In the end, parenting for self-actualization is probably all about balance. The first step—loving attunement—is the most important, and should come before everything else. After that, you can start with any one of the remaining nine steps, take it where it goes, and then try another. The ultimate goal is to integrate all of them into your children’s lives, in balance.

For more on these ideas:

‘The Moral Bucket List,’ by David Brooks 

‘Optimal Development across the Life Span,’ Dona Matthews’ blog in The Creativity Post http://www.creativitypost.com/authors/list/162/dmatthews

 ’26 Simple Gifts to Last Forever: An Alphabet List of Inexpensive Holiday Treasures for Children,’ by Dona Matthews

‘Play, Run, Skip: Physically active children are smarter, happier, and healthier,’ by Dona Matthews

‘Ode to Positive Constructive Daydreaming,’ by Rebecca McMillan, Jerome Singer, and Scott Barry Kaufman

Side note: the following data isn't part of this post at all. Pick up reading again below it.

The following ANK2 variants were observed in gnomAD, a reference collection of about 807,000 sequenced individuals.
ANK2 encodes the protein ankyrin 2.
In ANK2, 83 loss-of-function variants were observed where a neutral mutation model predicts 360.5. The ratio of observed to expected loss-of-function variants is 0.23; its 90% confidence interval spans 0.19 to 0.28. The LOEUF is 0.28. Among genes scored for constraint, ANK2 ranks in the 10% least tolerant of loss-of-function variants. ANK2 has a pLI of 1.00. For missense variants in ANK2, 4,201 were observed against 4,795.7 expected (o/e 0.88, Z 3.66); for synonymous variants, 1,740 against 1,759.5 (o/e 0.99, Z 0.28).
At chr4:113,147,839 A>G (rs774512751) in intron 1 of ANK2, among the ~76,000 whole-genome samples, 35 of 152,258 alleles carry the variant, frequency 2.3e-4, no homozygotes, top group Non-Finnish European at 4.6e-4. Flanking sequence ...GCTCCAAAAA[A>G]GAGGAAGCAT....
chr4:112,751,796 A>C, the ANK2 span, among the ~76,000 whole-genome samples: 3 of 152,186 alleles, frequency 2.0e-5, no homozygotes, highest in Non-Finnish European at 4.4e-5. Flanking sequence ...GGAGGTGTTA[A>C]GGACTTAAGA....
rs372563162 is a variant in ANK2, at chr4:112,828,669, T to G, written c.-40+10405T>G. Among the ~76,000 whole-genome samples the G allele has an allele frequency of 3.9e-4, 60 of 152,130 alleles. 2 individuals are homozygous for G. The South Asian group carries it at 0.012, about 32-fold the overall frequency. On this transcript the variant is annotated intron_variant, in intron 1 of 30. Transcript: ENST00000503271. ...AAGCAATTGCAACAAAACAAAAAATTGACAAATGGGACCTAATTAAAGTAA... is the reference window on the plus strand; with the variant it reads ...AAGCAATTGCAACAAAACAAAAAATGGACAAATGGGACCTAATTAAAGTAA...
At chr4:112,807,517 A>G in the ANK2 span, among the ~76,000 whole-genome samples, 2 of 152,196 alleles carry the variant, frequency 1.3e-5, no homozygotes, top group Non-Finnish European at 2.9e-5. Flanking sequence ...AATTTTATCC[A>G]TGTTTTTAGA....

Scott Barry Kaufman interviewed me recently for a podcast in his series for Scientific American called ‘Beautiful Minds,’ where he explores intelligence, creativity, and the mind. We talked in some detail about the science of raising happily productive kids

In Beyond Intelligence: Secrets for Raising Happily Productive Kids, Joanne Foster and I consider most of these ideas in more detail: www.beyondintelligence.net

 

Photo by Aikawa Ke, Creative Commons, Flickr

Child_swinging

For Smarter, Happier, Healthier Kids, Keep Moving! Eighteen Reasons to Ensure Your Kids Participate in Regular Frequent Activity

Child_swingingChildren who are physically active do better than others on virtually all developmental measures. They’re not only healthier, stronger, and more resilient to illness, but they’re also happier, more confident, more academically successful, and more creative than others. They sleep better, feel better about themselves, and become healthier adults.

Kids of all ages need frequent daily opportunities for physical exercise. Too many kids are spending too much of their time on screens or sitting at their desks, and not participating in the activity their growing minds and bodies need.